The Factories Act 1948 was enforced on 1st April 1949 with the objective of regulating the work...
The Compliance under the Factory Law is governed under the Factories Act 1948. The Factories Act went through a series of amendments, and the final Act came into force on 1st April 1949.
The Act was formulated with the objective of regulating the working conditions of the workers in the factory, and in furtherance of the same, the Act enlists certain compliance requirements which are needed to be fulfilled by the occupier of the factory mandatorily to avoid any penalties.
This article discusses the Factory Law Compliance Checklist according to the Factories Act and Labour Code 2022, which an occupier must be aware of before starting the factory.
The Factory Law Compliance Checklist consist of the following Compliance
The occupier needs to obtain a licence in accordance with section 6 of the Act, for which he must send a notice 15 days prior as per section 7
Compliance regarding the health of the workers/employees is enumerated in Chapter III of the Act and is a very important part of the Factory Law Compliance Checklist, which are –
Cleanliness – There shouldn’t be an accumulation of dirt, and the factory must be clean at all times. The floor, windows, washrooms, passages; benches should be cleaned with a disinfectant on a regular basis and the record of all the relevant details, such as dates of painting, varnish, cost incurred etc., should be maintained in the register of the factory.
Proper Disposal of Waste and Effluents – There must be a proper arrangement for the disposal of waste and effluents in the factory as per the rules prescribed by the State Government.
Adequate Ventilation and Temperature- there must be proper circulation of air in the factory to ensure ventilation; along with this, the walls and roofs of the factory must be of good quality and shall be constructed in a way that won’t let the temperature of the factory doesn’t rise beyond the reasonable condition of comfort.
Management of Dust and Fumes – If the nature of the work carried out in the factory results in the release of fumes or dust in substantial quantity within the factory, then adequate measures must be taken to prevent the accumulation of the same in any workroom.
Artificial Humidification – The water used for artificial humidification should be taken from a public water supply or any other source of drinking water and must be effectively purified before using it for artificial humidification.
Overcrowding – It is important to ensure that no room is overcrowded to an extent which can be injurious to the health of the workers of the factory.
Lighting – There must be adequate lighting (natural and artificial or both ) in the passage as well as the workroom of the factory and the glazed windows and skylights used for the purpose of lighting in the workrooms should be clean both from the outer as well the inner surface.
Drinking Water – There must be the arrangement of proper drinking water at suitable and conveniently situated places, and the label “Drinking Water” should be mentioned in a legible manner in the language understood by the workers.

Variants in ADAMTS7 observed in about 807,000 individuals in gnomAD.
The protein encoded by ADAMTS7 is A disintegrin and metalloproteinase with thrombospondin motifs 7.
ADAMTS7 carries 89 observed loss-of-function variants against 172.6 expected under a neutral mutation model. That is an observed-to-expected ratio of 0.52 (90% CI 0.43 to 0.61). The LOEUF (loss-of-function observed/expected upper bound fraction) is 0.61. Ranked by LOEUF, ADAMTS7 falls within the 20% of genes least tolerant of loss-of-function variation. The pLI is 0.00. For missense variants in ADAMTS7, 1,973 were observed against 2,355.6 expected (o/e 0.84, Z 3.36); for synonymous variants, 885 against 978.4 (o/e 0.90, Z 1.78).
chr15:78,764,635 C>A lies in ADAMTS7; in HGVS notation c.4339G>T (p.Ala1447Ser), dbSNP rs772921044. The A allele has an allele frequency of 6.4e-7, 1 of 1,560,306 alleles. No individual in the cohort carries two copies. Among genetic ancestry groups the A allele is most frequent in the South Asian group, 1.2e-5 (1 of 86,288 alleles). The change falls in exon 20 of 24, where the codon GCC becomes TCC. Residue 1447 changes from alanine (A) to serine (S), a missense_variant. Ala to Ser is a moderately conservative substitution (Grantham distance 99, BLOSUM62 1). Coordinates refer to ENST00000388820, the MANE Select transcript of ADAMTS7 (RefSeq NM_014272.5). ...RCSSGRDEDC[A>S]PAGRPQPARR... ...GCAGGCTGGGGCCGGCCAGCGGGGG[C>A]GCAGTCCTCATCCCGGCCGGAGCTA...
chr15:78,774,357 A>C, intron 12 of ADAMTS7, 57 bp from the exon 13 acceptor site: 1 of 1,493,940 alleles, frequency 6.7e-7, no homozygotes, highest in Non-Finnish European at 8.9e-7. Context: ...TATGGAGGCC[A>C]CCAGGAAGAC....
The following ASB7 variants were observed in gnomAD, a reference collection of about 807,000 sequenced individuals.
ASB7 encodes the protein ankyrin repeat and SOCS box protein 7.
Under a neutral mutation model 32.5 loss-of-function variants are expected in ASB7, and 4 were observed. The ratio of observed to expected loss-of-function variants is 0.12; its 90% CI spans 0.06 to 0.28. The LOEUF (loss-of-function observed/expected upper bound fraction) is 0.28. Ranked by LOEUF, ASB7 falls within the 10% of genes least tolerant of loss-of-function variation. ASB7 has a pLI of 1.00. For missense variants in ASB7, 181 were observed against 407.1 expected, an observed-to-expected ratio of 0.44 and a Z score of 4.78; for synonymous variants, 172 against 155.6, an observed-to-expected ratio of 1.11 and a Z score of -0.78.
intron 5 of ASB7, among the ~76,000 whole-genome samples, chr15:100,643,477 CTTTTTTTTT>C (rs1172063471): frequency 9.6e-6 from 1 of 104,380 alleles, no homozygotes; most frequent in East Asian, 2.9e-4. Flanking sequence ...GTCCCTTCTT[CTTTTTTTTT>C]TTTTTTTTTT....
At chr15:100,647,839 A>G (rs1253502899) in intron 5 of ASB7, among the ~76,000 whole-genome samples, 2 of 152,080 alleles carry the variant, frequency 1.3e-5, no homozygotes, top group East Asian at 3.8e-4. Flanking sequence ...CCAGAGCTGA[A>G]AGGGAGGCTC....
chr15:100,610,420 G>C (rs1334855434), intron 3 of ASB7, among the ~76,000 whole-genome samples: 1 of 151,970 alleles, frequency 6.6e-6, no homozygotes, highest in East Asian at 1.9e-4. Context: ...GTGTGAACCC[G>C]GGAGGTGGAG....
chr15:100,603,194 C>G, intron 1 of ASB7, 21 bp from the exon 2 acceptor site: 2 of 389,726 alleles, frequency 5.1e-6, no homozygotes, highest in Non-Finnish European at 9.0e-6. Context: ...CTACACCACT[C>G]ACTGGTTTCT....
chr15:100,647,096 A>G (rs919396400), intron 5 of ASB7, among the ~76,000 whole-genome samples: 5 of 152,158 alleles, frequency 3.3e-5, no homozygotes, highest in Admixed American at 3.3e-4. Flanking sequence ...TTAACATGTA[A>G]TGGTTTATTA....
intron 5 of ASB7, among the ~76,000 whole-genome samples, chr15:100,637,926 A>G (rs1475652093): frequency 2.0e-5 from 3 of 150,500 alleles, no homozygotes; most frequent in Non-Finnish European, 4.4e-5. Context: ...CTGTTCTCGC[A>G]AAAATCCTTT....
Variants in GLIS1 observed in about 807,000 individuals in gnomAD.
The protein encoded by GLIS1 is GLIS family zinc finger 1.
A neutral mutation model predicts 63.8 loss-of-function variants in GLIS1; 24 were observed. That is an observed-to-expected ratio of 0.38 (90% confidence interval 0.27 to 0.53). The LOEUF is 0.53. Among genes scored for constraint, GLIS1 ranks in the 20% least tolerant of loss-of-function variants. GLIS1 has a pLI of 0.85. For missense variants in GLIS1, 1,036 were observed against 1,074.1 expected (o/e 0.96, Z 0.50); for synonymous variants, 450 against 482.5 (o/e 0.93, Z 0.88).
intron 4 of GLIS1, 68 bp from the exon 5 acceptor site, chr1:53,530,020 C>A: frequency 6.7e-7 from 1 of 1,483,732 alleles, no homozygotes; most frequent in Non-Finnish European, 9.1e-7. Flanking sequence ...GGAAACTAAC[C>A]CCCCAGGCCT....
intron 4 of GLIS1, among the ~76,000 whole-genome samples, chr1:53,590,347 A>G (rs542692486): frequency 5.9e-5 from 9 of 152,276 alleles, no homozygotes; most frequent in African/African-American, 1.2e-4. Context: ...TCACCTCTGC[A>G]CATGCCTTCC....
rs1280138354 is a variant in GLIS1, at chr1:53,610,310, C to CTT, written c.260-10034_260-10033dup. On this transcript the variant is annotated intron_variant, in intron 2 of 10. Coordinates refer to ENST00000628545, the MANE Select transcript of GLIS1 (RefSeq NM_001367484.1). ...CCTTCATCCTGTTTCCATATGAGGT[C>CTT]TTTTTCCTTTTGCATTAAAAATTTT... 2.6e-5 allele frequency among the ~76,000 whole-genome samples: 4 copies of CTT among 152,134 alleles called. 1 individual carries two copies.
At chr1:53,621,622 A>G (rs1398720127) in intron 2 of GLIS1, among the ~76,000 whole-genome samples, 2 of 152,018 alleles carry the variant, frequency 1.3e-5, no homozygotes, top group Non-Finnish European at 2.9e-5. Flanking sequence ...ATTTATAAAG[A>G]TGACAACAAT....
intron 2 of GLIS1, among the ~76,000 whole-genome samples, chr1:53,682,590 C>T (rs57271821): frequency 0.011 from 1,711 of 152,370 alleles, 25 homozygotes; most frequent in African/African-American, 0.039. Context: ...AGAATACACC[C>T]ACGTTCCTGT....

Latrines and Urinals – There must be sufficient latrine and urinal accommodation which should be accessible to the workers at all times within the premises of the factory. It is to be noted that there should be separate enclosed accommodation for males and females, which must be adequately cleaned, ventilated and lighted as per the Factory Law Compliance Checklist.
Spittoons – Every factory must have sufficient no. of spittoons at convenient places and must be cleaned regularly. The workers shall be prohibited from spitting at any places other than the spittoons, and the penalty for such violation must be mentioned at suitable places of the premises.
The compliances regarding the safety of the workers/employees as per the Factory Law Compliance Checklist are
Working on or near Machinery in Motion – In case it is necessary to examine any part of the machinery when it is in motion, such examination must be done by anyone other than a woman or a child. In addition to this, the worker must be dressed in the attire as prescribed by the Act.
Precautions Regarding the Employment of Young Persons on Dangerous Machines – No young person should be allowed to work on dangerous machines without taking precautions, training and supervision from a person having experience working on that machine.
Striking gear Devices and for cutting off power – suitable striking gear or any other devices should be provided and maintained for the smooth movement of driving belts and loose pulleys, along with the arrangements of cutting off power in case of emergencies.
Safe Place for Self-Acting Machines – No traversing part of a self-acting machine should run in a space where a person is liable to pass.
Encasing of New Machinery- Each part of new machinery must be guarded or encased in order to prevent any danger, and any existing machinery which does not require frequent adjustment while in motion must be completely encased until and unless it is at a safe place which can be considered equivalents to being encased.